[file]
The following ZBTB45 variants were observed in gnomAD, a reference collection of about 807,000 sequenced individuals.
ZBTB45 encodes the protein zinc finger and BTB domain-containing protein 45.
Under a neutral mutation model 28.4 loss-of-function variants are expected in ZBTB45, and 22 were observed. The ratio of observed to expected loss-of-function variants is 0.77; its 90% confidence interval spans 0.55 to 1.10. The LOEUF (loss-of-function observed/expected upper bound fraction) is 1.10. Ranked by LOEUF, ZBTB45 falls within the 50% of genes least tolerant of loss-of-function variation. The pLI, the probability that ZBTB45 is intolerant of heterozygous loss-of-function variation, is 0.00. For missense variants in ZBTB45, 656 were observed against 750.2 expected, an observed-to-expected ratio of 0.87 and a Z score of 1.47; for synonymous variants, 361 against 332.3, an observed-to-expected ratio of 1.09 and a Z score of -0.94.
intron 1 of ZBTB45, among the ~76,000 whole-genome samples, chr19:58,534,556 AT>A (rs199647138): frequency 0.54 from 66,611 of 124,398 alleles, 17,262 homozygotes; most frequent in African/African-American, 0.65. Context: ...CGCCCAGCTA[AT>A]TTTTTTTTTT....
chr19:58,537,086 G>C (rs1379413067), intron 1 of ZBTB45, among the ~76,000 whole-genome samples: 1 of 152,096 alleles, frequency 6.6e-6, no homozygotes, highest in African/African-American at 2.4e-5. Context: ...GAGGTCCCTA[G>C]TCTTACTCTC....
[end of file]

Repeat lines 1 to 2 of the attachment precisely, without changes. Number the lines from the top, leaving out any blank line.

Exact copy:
The following ZBTB45 variants were observed in gnomAD, a reference collection of about 807,000 sequenced individuals.
ZBTB45 encodes the protein zinc finger and BTB domain-containing protein 45.